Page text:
Hunters killed more bears during early archery, muzzleloader and special firearms seasons than in the four-day rifle period that ended Nov. 22.
The Pennsylvania Game Commission’s preliminary report reveals that hunters killed 991 bears in the rifle season and 1,451 in the variety of early seasons. The extended season overlapping with deer season begins Saturday in limited parts of the state.
These are some of the statistics:
- The heaviest kill so far was a 755-pound bear in Monroe County.
- A 747-pound bear was shot in Lycoming County.
- A 705-pound trophy animal was tagged in Monroe County.
- Seven bears from Potter, Bedford, Clearfield, Clinton, Luzerne, Center and Monroe counties were heavier than 600 pounds.
- Tioga County had the most bears at 151, and Lycoming County hunters recorded 119 bear deaths.
Successful bear hunters are required to have the Game Commission check their trophy animals.
To record the kills, the Game Commission pulls one of the bear’s teeth to attain an accurate age, said Mollie Byrne, a wildlife biologist with the Game Commission. The bears are also weighed.
Ken Nichols of Lemont Furnace, Fayette County, killed his first bear — about 50 yards away with two other bears — while hunting Saturday in Forbes State Forest.
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“The snow really helped us out, and I’m really thankful for my harvest,” he said. He plans to have a shoulder mount made from the animal.
Fredrick Smith, 57, of Kennells Mills, Somerset County, got the second bear of his life Saturday afternoon while hunting near his home. He wanted to wait until the weather warmed up before heading out to the woods about noon.
He was only out about two hours when he saw a 300-pounder standing over the side of a hill. Surprised, he said, “Holy heck, there’s a bear.” When he called his wife to tell her, she didn’t believe him because he hadn’t been out that long.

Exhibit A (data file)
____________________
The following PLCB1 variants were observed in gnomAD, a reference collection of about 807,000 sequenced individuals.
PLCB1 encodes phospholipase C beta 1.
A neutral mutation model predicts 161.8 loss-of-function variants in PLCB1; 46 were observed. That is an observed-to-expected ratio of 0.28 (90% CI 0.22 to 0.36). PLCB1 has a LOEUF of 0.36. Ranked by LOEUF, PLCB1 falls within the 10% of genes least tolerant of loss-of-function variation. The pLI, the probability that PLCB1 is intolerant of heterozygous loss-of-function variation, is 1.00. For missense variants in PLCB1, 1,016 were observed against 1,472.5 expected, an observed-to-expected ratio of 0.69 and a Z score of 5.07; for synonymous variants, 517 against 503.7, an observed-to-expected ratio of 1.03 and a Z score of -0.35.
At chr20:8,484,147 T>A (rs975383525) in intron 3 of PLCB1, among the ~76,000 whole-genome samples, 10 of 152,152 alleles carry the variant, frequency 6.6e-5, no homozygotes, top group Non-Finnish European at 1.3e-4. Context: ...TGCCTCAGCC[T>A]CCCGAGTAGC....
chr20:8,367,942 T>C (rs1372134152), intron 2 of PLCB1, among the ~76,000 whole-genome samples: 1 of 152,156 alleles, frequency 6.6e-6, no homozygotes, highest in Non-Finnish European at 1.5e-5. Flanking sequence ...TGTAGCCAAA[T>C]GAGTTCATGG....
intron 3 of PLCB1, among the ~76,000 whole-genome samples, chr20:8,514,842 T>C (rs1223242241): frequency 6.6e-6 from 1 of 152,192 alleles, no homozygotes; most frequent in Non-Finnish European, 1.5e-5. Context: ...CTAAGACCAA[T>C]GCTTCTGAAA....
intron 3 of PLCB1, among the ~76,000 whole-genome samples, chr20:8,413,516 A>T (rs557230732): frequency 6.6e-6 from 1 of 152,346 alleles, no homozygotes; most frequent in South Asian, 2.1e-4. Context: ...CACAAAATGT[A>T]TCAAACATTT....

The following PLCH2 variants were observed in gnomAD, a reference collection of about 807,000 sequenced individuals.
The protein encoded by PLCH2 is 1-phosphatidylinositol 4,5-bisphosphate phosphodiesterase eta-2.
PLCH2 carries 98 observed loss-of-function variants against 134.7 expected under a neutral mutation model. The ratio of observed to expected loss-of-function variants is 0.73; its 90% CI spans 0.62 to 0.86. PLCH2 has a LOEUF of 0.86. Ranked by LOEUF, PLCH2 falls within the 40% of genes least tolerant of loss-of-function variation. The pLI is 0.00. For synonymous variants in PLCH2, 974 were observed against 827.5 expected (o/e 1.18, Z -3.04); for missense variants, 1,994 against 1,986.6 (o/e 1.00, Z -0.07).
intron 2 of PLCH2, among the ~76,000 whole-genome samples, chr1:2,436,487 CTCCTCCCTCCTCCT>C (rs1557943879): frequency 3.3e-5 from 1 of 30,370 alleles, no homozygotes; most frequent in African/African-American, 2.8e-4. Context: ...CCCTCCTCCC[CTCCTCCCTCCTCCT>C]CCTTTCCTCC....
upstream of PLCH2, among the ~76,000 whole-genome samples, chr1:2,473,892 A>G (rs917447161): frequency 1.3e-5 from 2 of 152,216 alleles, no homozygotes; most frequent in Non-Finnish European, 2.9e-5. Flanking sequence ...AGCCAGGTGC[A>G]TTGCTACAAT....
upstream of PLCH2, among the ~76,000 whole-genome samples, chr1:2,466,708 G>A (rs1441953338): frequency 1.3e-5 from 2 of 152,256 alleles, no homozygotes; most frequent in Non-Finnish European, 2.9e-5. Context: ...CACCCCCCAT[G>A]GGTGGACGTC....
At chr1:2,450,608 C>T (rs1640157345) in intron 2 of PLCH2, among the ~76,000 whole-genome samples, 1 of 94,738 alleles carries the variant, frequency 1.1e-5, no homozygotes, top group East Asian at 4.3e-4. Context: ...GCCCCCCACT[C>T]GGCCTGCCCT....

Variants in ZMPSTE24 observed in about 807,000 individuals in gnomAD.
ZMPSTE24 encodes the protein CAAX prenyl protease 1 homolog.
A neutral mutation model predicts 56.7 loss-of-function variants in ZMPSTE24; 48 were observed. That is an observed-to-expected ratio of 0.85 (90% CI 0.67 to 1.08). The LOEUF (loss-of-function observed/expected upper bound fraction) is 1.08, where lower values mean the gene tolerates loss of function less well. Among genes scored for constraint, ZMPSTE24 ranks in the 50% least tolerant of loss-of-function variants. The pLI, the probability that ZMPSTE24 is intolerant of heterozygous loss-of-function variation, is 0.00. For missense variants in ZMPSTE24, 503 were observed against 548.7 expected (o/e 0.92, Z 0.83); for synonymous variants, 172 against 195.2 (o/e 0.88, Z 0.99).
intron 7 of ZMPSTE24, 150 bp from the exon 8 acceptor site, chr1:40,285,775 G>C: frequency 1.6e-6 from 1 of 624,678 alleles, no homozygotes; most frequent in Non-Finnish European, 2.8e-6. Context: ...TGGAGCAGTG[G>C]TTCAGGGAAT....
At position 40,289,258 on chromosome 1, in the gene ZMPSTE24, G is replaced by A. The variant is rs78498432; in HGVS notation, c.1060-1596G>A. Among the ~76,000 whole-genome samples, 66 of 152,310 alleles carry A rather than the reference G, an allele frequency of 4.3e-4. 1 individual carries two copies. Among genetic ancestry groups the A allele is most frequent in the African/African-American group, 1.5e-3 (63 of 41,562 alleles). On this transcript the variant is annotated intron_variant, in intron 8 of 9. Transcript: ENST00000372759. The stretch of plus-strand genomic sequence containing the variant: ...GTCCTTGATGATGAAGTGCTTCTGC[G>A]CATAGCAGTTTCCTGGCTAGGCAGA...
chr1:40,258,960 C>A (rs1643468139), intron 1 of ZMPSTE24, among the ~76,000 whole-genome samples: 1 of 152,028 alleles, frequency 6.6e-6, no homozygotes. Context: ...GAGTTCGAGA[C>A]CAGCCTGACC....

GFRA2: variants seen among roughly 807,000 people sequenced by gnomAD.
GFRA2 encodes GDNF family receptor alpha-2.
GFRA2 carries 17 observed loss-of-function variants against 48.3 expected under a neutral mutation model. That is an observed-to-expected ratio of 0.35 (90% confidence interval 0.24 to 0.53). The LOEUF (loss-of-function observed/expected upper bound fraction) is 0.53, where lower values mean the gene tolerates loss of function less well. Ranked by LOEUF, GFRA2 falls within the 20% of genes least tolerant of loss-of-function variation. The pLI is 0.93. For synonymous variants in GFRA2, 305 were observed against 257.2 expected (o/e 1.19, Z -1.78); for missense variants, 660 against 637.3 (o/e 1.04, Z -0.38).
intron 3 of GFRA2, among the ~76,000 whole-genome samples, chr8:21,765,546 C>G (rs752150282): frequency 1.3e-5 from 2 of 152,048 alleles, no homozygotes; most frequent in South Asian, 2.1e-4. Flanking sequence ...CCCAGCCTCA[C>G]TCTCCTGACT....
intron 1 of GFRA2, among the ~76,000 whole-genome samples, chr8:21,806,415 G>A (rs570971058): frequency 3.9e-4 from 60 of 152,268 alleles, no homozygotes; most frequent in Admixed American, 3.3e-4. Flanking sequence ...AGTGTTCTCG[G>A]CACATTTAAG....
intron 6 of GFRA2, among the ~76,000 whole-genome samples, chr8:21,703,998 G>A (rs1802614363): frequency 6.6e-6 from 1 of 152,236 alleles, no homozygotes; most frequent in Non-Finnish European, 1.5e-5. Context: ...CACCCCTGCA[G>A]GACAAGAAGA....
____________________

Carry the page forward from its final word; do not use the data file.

The retrieval took longer than the hunt. With the help of his friends, it took about five hours to move the bear out of the woods.
Doug Pritts, 57, of Champion, Somerset County, shot the third bear of his life during the rifle season. He was hunting Saturday in Stewart Township. “I think I started it,” he said about the close encounter in thick Mountain Laurel and brush.
He said the bear jumped up very close to him, and he was able to quickly dispatch the 399-pound male. The bruin is believed to be 14 years old as the Game Commission captured the bear in 2016 and placed an ear tag on it. It weighed 275 pounds at the time it was caught in August six years ago.
Pritts is looking forward to the meat: “I like it better than beef. It’s more tender.”
While the general firearms season has ended, the extended bear season overlaps with rifle deer hunting in Wildlife Management Units 2B, 5B, 5C and 5D Nov. 26-Dec. 10.
In WMUs, 1B, 2C, 3A, 3B, 3C, 3D, 4A,4B,4C,4D,4E and 5A, bear season runs Nov. 26-Dec. 3.
In addition to the bears harvested by hunters, the Game Commission has received reports that 639 additional black bears were killed this year by motorists.
Last fall, 215,219 hunters bought bear licenses resulting in 3,621 animals being killed in 59 of the state’s 67 counties. The overall total bear population for Pennsylvania is estimated by the Game Commission to be 15,500 bruins.
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Brian Whipkey is the outdoors columnist for USA TODAY Network sites in Pennsylvania. Contact him firstname.lastname@example.org and sign up for our weekly Go Outdoors PA newsletter email on your website’s homepage under your login name. Follow him on Facebook@whipkeyoutdoors.